Then we had to figure out how to make the level design for those types of cameras. Finally, after we got all of that working it, we learned it looks a lot better when you're close to the player and the enemies. So now all those cameras that used to be a gridded system and a lot more procedural, now they're a lot more authored. We can bring the camera in closer for certain setups, we can bring it wider for larger setups where you need that spacial awareness and everything.
You discovered that you had to take time to put the camera in places instead of just procedurally tying it to certain kinds of rooms?
What's changed from combat encounters in the last few months, that you've learned?
I think the big one that we're tackling now is, even in this demo, we have executes that are tied to combinations. They're just sort of ten hit combinations regardless of what they are. People are successfully button mashing their way through. I'm fine with people feeling like they're successful getting through the game. The problem is that it will ramp up in difficulty as soon as you start meeting other enemy types. So at the end, we just threw the mandril beast in there.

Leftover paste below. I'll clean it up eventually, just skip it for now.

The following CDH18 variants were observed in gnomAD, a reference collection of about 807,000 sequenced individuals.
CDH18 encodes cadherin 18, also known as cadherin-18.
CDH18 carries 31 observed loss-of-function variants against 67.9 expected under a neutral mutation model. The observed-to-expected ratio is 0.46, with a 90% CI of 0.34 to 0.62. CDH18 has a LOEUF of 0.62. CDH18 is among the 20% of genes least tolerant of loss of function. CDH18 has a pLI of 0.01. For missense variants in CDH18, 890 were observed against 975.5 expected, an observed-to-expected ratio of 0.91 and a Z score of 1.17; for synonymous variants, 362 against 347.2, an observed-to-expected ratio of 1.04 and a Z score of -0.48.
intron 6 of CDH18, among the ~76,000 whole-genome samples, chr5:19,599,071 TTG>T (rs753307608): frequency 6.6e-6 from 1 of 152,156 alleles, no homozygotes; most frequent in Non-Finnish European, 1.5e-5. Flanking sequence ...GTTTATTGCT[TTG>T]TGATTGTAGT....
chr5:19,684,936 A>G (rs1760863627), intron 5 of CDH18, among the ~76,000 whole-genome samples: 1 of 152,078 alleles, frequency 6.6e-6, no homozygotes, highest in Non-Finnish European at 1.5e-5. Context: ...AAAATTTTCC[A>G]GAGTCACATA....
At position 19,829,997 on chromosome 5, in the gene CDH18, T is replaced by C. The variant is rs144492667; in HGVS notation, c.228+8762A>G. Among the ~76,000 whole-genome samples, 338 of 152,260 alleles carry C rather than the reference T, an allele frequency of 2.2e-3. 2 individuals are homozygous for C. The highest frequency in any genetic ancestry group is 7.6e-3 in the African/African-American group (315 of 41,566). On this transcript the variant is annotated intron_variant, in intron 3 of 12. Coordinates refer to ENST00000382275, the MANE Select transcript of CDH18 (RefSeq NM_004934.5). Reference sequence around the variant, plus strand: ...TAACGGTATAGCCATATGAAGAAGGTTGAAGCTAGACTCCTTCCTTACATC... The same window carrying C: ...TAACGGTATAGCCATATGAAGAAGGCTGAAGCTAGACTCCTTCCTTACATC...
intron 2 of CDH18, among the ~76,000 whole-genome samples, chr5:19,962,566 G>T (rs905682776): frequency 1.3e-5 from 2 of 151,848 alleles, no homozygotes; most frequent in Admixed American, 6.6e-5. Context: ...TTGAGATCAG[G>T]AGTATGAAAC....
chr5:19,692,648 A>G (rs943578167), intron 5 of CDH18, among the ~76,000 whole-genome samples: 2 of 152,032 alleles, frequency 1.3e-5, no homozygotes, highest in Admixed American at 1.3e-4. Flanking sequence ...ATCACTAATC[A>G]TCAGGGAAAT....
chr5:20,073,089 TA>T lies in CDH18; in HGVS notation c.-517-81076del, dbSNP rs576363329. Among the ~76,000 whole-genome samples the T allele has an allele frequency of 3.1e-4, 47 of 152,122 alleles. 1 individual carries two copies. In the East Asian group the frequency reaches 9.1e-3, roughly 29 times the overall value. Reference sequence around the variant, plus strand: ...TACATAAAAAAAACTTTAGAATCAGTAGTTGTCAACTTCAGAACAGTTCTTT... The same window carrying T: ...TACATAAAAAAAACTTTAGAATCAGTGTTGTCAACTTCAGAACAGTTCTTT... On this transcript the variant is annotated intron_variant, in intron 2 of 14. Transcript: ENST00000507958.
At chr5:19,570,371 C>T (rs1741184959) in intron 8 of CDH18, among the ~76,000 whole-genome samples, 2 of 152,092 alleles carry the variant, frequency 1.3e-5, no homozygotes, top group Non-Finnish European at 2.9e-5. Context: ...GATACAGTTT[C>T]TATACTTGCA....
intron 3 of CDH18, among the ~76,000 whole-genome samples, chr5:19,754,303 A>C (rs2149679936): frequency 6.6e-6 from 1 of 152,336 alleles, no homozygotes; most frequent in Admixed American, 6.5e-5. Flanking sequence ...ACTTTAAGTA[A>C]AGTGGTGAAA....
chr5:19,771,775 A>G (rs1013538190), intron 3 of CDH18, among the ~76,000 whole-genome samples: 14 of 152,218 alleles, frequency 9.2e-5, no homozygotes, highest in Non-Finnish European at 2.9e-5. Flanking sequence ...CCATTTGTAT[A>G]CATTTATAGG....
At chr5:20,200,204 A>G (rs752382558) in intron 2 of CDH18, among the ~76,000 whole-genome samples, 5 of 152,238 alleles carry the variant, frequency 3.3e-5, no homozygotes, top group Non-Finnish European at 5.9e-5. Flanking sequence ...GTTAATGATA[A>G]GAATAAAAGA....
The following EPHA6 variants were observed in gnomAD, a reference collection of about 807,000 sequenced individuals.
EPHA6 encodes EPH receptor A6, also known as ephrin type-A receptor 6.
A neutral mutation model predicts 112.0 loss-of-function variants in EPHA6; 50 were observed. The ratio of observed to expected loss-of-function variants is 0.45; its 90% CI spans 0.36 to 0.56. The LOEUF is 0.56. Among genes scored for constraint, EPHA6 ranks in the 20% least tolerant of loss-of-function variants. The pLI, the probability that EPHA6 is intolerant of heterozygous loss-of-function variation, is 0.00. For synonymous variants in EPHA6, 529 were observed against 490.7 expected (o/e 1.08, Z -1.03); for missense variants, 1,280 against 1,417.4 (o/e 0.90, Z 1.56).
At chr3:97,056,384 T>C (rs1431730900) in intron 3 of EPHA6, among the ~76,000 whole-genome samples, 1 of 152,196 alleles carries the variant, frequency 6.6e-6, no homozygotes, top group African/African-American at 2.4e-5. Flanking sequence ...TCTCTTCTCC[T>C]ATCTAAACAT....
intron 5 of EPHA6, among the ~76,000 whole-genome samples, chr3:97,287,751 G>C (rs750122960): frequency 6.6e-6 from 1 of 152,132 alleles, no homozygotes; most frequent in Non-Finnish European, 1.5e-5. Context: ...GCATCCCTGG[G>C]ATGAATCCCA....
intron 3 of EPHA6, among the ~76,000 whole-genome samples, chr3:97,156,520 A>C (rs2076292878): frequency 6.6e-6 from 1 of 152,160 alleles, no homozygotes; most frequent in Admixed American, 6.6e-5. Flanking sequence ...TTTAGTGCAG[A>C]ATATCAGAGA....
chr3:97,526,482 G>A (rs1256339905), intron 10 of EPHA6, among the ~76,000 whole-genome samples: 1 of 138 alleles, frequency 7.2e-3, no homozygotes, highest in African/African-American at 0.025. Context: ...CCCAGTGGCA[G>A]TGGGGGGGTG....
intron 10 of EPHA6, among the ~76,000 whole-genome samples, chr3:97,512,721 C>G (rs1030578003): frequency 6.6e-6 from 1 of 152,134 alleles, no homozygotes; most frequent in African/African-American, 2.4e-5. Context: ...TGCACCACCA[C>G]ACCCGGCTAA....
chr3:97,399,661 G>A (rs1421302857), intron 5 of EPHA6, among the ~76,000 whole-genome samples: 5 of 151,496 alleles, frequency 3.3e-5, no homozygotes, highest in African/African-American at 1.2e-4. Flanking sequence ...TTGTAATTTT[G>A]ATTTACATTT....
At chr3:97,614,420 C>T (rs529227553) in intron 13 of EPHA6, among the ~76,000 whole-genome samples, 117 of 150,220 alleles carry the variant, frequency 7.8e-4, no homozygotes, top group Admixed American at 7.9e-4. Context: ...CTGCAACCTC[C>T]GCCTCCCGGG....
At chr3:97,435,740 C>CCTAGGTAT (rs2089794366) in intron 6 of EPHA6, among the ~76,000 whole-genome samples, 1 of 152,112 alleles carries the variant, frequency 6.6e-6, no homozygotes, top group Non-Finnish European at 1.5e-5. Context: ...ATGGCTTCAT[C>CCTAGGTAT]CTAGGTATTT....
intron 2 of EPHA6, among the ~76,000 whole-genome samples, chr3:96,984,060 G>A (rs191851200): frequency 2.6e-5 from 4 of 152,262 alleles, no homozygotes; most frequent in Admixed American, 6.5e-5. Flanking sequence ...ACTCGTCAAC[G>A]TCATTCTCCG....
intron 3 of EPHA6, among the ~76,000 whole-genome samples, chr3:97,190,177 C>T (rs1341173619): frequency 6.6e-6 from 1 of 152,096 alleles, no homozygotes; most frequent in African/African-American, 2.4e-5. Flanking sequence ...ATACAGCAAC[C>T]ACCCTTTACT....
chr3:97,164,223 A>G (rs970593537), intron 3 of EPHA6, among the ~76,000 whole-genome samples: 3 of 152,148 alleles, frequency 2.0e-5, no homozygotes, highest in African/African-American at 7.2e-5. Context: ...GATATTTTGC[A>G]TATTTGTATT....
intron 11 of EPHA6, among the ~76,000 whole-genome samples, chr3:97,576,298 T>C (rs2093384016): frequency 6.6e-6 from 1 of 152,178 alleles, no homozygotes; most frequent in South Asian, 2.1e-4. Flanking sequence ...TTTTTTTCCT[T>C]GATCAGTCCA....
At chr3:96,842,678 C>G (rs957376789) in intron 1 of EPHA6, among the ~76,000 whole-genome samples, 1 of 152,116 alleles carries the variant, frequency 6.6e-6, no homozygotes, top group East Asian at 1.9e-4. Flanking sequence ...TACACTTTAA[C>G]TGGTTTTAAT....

I noticed all the health bars just shooting up when I was in that room.
Yeah, that's the thing. It feels like, because it's the end of a demo, that it's a boss. It's not a boss. That's a normal guy that you'll meet in the world a lot. But it changes things up when you meet him in combination with other guys. We're going to have a lot of other enemy types where the skill level needs to be higher to get past those guys. That's sort of our challenge. how do we encourage people to do the more action-packed skillful fighting, to string combinations together? Because that's what the game is designed around.
Has the fact that sometimes the player can be really far away and the animations are going to be smaller factored in at all?